7. 7. You are plagiarizing if… <ul><li>You don’t put the words of another in quotation marks. </li></ul><ul><li>You paraphrase the words of another = simply changing a word or phrases here and there. </li></ul><ul><li>You don’t clearly acknowledge the source of ideas or material taken from another. </li></ul><ul><li>You don’t make it clear how much you depended on your sources. Can the reader tell the difference between your research and your original ideas? </li></ul><ul><li>You don’t document sources adequately </li></ul><ul><li>You purchase a paper online, or “borrow” a friend’s </li></ul><ul><li>You copy and paste from the internet </li></ul><ul><li>Even if you give the original author credit, if your work is made up mainly of another’s ideas…YOU ARE PLAGIARIZING! </li></ul>
  8. 8. What To Do? <ul><li>Give Credit where Credit is Due! </li></ul><ul><li>Write down all of the titles, authors, dates, website addresses, publishers, etc. of all the reference materials you use! </li></ul><ul><li>But…Where do I find this information? </li></ul>
  9. 9. Documenting your sources!
  10. 10. Don’t get BUSTED! How to document your sources of information… <ul><ul><li>In English, we will use MLA style: </li></ul></ul><ul><ul><li>1. all information is arranged in alphabetical order by the author’s last name! </li></ul></ul><ul><ul><li>2. all information should be double spaced with all lines after the first indented! </li></ul></ul><ul><ul><li>3. Punctuation is very important! Your documentation is not correct unless your punctuation is correct! </li></ul></ul>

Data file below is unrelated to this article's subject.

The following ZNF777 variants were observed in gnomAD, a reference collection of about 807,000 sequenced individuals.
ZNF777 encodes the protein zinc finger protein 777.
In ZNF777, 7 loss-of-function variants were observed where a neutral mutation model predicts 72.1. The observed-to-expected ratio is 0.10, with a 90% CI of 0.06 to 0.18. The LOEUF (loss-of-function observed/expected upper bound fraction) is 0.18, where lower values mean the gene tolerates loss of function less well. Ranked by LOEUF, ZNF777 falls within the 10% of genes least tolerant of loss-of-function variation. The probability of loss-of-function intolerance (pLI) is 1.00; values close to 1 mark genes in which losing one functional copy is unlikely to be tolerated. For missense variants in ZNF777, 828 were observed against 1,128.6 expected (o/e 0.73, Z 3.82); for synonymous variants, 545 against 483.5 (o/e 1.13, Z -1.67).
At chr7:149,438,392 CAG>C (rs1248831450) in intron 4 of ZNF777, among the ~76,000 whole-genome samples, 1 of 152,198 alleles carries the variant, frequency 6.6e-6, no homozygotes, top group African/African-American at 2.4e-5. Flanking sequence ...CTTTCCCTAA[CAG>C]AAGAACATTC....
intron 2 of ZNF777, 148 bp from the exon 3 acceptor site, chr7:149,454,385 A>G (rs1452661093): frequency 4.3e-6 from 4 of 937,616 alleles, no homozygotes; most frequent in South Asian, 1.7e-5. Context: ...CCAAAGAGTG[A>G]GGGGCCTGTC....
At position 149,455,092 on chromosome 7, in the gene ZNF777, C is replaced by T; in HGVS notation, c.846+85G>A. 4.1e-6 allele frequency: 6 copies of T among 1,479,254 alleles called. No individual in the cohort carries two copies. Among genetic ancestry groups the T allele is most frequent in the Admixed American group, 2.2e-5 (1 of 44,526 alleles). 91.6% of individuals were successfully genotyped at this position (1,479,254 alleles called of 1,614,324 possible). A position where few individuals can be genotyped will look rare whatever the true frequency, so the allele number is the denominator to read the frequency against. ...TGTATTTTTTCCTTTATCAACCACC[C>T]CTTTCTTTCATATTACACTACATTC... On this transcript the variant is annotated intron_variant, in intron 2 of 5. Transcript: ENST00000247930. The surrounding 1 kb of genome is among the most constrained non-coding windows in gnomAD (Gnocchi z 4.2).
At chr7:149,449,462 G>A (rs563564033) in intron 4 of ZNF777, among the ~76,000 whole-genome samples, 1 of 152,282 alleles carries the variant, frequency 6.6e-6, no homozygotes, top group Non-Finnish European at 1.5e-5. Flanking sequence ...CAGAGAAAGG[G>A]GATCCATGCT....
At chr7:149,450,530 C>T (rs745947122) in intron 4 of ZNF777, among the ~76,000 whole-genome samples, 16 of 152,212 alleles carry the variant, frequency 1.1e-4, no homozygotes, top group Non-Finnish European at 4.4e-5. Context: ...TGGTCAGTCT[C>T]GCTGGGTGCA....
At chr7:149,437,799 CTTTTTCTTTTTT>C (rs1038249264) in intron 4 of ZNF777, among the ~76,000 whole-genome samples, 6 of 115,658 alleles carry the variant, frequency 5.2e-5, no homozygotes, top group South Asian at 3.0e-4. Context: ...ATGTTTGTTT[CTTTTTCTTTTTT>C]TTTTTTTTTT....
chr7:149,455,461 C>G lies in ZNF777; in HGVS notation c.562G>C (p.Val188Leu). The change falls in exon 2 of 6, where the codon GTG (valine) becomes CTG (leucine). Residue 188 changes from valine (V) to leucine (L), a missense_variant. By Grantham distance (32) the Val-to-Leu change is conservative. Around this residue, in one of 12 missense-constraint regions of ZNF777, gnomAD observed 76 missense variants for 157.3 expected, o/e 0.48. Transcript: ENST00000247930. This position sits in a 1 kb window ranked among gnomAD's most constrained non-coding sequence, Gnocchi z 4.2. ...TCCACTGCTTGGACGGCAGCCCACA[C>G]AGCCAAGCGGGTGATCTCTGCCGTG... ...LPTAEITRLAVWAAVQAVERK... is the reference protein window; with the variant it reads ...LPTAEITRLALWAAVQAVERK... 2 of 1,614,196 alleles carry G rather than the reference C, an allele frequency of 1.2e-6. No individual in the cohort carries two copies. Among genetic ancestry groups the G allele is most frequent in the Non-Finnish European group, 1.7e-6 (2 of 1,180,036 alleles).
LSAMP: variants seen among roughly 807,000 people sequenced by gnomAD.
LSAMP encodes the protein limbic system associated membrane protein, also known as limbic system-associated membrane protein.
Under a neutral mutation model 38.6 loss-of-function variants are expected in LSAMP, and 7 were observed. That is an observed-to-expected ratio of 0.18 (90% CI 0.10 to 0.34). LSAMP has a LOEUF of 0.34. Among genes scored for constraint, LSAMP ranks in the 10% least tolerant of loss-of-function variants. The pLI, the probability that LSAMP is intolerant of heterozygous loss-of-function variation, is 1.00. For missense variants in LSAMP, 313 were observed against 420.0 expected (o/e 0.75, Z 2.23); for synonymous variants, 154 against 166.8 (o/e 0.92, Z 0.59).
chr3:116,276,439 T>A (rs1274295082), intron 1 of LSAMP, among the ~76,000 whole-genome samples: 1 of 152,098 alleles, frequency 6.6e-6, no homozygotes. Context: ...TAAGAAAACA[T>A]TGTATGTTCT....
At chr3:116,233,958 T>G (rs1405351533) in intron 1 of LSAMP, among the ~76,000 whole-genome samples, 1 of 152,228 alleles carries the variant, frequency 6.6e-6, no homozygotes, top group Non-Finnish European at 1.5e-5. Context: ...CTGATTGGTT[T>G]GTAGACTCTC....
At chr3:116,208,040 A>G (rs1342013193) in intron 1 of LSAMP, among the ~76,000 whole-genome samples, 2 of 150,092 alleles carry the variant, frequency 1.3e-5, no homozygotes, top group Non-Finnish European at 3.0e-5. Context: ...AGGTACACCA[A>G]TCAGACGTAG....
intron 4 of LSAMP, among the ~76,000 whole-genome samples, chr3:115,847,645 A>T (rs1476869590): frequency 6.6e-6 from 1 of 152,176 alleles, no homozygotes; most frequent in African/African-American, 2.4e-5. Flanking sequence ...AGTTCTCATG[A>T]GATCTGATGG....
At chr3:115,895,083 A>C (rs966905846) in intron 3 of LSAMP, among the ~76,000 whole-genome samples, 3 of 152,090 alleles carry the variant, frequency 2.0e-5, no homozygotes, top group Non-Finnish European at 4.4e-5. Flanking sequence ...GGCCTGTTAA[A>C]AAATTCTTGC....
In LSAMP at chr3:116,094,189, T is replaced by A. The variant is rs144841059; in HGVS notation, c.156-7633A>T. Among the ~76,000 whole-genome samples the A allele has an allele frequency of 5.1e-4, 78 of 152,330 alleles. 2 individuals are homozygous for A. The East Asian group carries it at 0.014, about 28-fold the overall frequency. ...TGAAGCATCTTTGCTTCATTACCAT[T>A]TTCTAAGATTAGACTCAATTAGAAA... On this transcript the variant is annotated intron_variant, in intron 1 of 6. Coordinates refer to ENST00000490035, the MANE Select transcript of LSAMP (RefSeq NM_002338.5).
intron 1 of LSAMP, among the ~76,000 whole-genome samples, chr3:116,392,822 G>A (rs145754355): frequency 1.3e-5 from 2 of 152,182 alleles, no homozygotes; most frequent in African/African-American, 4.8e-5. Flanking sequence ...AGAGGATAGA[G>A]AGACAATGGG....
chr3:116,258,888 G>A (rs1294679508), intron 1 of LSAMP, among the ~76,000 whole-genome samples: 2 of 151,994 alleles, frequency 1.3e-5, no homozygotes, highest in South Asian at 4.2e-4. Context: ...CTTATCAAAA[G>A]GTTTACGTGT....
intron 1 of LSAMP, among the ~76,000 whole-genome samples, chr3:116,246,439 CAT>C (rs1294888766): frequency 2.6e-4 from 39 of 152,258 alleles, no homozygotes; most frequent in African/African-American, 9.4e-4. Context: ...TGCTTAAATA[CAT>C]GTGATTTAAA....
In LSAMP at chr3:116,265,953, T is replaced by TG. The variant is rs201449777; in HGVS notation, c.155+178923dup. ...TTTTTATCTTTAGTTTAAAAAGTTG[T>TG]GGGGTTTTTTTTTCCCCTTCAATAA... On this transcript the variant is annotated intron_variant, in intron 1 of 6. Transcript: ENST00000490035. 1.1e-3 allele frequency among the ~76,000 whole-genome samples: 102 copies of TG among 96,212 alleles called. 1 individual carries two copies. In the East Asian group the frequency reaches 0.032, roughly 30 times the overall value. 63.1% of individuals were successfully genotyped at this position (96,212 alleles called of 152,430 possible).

11. 11. What should my documentation look like? <ul><li>for books: </li></ul><ul><ul><li>author's last name, author's first name or initial, Title . where it </li></ul></ul><ul><ul><li>was published: company it’s published by, date published. (Print) </li></ul></ul><ul><ul><li>Article in Encyclopedia: </li></ul></ul><ul><ul><li>Author (if there is one). “Topic.” Title of Encyclopedia . Edition. </li></ul></ul><ul><ul><li>Year published. (Print) </li></ul></ul><ul><ul><li>Article in a magazine: </li></ul></ul><ul><ul><li>Author’s last name, first name. “Title of article.” Title of Magazine </li></ul></ul><ul><ul><li>date article was published: pages of article. (Print) </li></ul></ul><ul><ul><li>***(notice double spacing and hanging indent) </li></ul></ul>